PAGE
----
Conservation and Environmentalism: Tories Can No Longer Reject Rational Climate Action | Henry Lloyd


I think it’s important to start by saying that, as a Conservative, I define myself as a rational being, who wishes to maintain a level of status quo in the world we live in. And I think this should also include, but not be limited to the environmental state of our planet. For too long now, environmentalism and green action has been associated with the Left; however, in reality, conservation and preservation are key ideals of conservatism. We must be the ones who now take control of the rational narrative when it comes to recognising and addressing climate change in Britain and around the world.

For anyone who has already cast off this article as some hippie drivel on how the ice caps are melting, before you read on, I urge you to visit the websites of Tories for Climate Action, The Conservative Animal Welfare Foundation, and The British Conservation Alliance, who in particular hold a strong focus on University students and spreading free-market, pro-environmental economic solutions to current green issues. The BCA has also recently released a book with the Austrian Economics Centre, entitled ‘Green Market Revolution’, which I am currently consuming with great enjoyment, and would thoroughly recommend.

Throughout my childhood, at home and school, I never experienced a rejection of Climate Change Theory, and it was only once I began to take a serious interest in politics that I discovered that there was such a thing. To me, it was ludicrous, how grown adults could put their political ideologies entirely in-front of facts and reason when it came to environmentalism, instead of adopting a synergy of rationalism; an acceptance of the facts, and a reasonable solution about what we can do in our everyday lives to make a change.

In Britain, the best example I can think of that is both personal to me and has been seen as a wider social change in recent years is the uptick in the use of reusable water bottles. This was not a movement spearheaded from government level, but through education, societal change, and the acceptance that through small changes to our everyday lives, collectively we can make a difference. For years I would take a new plastic water bottle to school and then just throw it away once I had finished with it. Now, should I need to buy a plastic water bottle when I am out, without access to a reusable bottle, I will take it home when it is empty, so I know it will be recycled properly.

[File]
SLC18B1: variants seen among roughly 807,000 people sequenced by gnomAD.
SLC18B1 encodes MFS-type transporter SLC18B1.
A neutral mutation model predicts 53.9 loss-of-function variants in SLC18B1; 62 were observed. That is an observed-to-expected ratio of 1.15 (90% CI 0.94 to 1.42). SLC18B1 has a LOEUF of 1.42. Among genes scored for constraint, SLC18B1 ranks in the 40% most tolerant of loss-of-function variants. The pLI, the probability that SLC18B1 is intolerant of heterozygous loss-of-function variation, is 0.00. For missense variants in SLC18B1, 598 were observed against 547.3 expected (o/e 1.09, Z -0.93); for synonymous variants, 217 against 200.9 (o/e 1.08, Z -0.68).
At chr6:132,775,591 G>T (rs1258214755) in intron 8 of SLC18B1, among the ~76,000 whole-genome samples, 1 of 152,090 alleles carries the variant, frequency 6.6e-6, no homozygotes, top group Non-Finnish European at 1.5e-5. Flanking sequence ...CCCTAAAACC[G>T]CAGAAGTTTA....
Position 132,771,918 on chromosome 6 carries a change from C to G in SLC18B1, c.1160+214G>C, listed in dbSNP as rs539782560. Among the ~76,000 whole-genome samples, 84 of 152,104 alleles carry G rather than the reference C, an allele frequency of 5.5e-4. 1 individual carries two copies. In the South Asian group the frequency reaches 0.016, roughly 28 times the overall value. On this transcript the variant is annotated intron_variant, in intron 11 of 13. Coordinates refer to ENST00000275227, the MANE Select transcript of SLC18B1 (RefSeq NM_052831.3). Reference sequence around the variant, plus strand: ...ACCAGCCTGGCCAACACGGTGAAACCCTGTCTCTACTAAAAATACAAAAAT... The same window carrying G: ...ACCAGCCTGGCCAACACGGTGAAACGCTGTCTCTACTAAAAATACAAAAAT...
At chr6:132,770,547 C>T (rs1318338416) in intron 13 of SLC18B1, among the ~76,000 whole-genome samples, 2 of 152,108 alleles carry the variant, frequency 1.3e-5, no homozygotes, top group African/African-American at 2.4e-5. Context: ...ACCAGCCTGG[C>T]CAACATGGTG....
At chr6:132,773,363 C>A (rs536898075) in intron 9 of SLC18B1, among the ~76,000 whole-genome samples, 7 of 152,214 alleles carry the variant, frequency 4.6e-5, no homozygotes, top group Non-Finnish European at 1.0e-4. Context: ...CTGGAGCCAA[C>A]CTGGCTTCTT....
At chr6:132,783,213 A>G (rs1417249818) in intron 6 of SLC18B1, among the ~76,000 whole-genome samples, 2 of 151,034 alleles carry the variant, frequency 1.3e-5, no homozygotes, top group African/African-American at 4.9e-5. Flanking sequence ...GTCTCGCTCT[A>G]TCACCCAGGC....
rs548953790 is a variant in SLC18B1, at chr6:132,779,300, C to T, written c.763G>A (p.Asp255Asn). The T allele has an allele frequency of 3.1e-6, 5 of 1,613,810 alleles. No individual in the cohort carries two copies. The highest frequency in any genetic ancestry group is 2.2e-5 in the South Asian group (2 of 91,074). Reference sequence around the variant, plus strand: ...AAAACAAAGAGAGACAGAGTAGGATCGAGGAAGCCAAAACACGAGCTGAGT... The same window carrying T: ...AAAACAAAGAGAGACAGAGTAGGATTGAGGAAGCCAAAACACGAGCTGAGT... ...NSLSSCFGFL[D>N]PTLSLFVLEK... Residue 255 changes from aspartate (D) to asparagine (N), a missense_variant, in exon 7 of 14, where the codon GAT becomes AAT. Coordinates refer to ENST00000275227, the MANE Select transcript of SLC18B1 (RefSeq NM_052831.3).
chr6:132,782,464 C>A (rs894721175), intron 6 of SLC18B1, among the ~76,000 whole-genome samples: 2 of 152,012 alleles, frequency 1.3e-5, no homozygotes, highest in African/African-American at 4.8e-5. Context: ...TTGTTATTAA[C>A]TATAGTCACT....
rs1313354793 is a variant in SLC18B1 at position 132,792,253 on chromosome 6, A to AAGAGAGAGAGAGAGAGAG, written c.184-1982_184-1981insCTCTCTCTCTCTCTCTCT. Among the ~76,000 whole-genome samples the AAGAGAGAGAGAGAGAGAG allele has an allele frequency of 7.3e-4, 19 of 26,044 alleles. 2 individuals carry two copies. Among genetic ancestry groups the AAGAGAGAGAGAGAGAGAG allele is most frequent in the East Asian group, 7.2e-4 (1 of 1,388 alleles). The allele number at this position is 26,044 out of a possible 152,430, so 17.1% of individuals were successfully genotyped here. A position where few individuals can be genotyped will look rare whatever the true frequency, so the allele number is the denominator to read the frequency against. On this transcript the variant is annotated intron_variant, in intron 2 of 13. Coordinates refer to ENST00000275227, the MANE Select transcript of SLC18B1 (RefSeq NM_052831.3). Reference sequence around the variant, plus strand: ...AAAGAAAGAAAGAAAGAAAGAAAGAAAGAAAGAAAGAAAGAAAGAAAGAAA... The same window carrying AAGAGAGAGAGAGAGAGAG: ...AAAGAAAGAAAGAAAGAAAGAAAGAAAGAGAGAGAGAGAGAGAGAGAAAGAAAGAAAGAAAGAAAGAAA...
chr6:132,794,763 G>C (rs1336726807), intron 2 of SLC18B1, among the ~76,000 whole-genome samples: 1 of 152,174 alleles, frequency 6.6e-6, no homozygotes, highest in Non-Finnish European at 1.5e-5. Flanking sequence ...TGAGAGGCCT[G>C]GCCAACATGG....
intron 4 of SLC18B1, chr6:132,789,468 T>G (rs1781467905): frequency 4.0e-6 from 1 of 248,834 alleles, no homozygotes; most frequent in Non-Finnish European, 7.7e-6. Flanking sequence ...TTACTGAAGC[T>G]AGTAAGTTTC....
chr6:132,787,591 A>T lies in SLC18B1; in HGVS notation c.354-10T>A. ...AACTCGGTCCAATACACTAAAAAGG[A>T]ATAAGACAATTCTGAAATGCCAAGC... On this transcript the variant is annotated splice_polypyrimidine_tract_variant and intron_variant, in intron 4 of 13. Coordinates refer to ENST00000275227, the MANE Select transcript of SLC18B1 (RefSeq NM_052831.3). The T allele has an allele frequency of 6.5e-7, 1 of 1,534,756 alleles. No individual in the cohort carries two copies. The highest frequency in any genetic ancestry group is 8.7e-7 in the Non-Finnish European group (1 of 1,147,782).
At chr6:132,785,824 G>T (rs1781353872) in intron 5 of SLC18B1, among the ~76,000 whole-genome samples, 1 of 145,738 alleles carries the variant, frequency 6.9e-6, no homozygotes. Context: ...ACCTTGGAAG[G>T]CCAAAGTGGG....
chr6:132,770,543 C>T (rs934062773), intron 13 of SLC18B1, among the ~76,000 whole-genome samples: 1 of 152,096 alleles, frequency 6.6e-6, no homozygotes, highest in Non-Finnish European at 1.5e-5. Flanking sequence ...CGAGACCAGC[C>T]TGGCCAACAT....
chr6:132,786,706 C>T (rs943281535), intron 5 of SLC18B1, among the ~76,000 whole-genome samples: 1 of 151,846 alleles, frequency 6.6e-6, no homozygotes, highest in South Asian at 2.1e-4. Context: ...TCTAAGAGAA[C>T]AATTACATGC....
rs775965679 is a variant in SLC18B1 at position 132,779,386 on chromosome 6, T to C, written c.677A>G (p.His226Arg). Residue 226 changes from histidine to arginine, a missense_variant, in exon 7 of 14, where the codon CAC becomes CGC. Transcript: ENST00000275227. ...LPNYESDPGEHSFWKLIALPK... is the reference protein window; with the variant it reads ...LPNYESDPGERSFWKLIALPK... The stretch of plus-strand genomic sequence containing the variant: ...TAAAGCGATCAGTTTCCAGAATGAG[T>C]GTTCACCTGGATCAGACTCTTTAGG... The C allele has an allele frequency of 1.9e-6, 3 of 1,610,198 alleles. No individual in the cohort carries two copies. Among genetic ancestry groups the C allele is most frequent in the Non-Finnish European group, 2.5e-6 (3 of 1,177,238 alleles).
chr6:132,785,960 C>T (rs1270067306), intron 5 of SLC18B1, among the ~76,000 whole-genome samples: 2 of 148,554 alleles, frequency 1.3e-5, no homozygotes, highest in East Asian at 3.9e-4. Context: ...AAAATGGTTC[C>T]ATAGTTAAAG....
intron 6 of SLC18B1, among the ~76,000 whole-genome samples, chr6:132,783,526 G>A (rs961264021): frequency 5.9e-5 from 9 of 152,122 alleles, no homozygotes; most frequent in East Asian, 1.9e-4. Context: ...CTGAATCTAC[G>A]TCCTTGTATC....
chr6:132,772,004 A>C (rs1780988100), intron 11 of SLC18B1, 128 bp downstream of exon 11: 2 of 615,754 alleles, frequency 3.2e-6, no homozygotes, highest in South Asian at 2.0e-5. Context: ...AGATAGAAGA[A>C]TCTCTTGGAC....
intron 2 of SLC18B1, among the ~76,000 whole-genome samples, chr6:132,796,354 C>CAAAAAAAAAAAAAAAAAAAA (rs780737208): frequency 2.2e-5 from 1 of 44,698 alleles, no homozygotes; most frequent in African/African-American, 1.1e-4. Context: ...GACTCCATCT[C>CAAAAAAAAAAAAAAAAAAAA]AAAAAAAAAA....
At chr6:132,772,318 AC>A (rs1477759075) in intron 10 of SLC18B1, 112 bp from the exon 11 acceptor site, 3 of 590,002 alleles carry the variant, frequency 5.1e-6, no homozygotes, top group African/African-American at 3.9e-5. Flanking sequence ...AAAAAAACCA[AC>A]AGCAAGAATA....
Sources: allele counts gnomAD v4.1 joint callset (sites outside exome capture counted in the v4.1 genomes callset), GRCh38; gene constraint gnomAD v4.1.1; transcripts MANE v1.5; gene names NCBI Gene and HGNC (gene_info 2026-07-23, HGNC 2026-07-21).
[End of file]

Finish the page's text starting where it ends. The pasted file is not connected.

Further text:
In simplest terms, this is pro-market, pro-planet environmentalism, with society changing for society, instead of society changing for the government. In contrast to this, we see the imposition on restrictions on electric cars that will come into effect by 2040, with not even hybrid power vehicles being tolerated by the plans set out by the previous May administration. The only member of the British establishment who currently uses an electric car for official duties is Prince Charles, who has been seen many times sporting a Jaguar I-Pace, in direct contrast to the Cabinet swanning around Whitehall in their diesel-chugging armoured Range Rovers.

I’m not going to accuse the government directly of hypocrisy when they don’t lead from the front on key issues like this, but with Boris’ environmental plans seemingly becoming more and more distant by the day, as the second wave of coronavirus worsens, one does begin to wonder how much of a back seat has the environment taken, even with the occasional green spending promise. After all, with Hitachi finally condemning the £16b Wylfa plant in Wales for good back in September, and with continued troubles and conflicts with Sizewell C in East Suffolk, the Prime Ministers announcement that windfarms could power every British home by 2030, leaves much to be desired about the current policy of government intervention in environmental issues.

With a Green Deal Pledge from Downing Street expected soon, only time will tell as to whether the Prime Minister and his SpAd’s can separate the hypocrisy, facts and fiction from the conversation on environmentalism. However there are solutions being proposed already by the likes of the BCA, who believe that when it comes to consumerism, there should be an encouragement to buy local, rather than national or even international goods, as it reduces transportation costs, as well as supports local industries and the respective economy. There should also be an emphasis on modernisation of farming techniques and of the introduction of biotechnology, with a greater use of GM crops to make farming more efficient, such as with the amount of water needed to grow certain crops. I can also heavily agree with the concept of Green Tax Cuts for businesses who invest in projects that greatly benefit the environment, in direct contrast to taxation and regulation of businesses who don’t, as it rewards and persuades companies to be innovative in their development of new ideas.

Consequentially, I feel that all this makes a pretty good argument as to why and how Conservatives can and should embrace a new idea of environmentalism, one not dominated by pledges of Green New Deals or threat of economic disruption by the likes of Extinction Rebellion. For those individuals able to think for themselves, this should be the realisation needed to understand the true benefits of Environmental Conservatism, because in reality, there is a point of no return, and we can rectify it, without tearing our economy to pieces.


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